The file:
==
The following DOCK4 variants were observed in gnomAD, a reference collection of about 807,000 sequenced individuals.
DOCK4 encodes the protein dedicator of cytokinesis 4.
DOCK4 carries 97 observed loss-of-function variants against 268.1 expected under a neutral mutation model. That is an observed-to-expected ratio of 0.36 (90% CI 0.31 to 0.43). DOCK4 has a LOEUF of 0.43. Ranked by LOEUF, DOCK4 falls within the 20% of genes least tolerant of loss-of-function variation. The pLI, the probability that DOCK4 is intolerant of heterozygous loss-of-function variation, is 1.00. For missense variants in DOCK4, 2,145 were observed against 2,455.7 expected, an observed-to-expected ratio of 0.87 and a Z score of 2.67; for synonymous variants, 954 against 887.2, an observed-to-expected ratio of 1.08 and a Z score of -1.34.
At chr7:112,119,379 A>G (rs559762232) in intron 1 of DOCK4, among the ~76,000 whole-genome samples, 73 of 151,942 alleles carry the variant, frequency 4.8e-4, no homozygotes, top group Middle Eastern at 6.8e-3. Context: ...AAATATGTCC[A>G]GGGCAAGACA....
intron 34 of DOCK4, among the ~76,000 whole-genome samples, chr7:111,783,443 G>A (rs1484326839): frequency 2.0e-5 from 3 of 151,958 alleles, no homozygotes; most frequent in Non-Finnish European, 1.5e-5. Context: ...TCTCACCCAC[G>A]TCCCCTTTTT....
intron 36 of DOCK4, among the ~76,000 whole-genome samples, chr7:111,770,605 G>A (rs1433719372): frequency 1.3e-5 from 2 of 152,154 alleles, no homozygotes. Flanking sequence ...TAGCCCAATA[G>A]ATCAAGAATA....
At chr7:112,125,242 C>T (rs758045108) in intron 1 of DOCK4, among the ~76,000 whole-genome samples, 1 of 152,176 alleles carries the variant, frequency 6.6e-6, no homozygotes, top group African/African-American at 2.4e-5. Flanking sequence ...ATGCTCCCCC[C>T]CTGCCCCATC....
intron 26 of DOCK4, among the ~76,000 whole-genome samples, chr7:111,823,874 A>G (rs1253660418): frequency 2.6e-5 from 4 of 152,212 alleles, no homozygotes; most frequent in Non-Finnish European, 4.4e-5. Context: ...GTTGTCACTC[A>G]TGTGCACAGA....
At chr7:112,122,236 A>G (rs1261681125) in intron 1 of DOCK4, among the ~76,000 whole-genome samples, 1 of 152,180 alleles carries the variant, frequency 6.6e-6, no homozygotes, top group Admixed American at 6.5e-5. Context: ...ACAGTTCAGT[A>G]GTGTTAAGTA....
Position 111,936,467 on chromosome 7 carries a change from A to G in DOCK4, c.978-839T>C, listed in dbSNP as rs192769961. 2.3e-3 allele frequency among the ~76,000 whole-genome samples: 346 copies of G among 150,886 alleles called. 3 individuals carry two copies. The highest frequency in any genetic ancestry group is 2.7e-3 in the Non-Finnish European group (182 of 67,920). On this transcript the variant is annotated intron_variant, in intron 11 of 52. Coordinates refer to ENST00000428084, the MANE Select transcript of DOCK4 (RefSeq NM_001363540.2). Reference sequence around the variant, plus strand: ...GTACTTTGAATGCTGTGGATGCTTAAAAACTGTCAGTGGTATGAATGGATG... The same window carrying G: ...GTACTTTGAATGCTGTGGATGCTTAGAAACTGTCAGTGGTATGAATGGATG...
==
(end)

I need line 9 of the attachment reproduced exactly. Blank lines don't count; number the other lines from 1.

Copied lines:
At chr7:112,122,236 A>G (rs1261681125) in intron 1 of DOCK4, among the ~76,000 whole-genome samples, 1 of 152,180 alleles carries the variant, frequency 6.6e-6, no homozygotes, top group Admixed American at 6.5e-5. Context: ...ACAGTTCAGT[A>G]GTGTTAAGTA....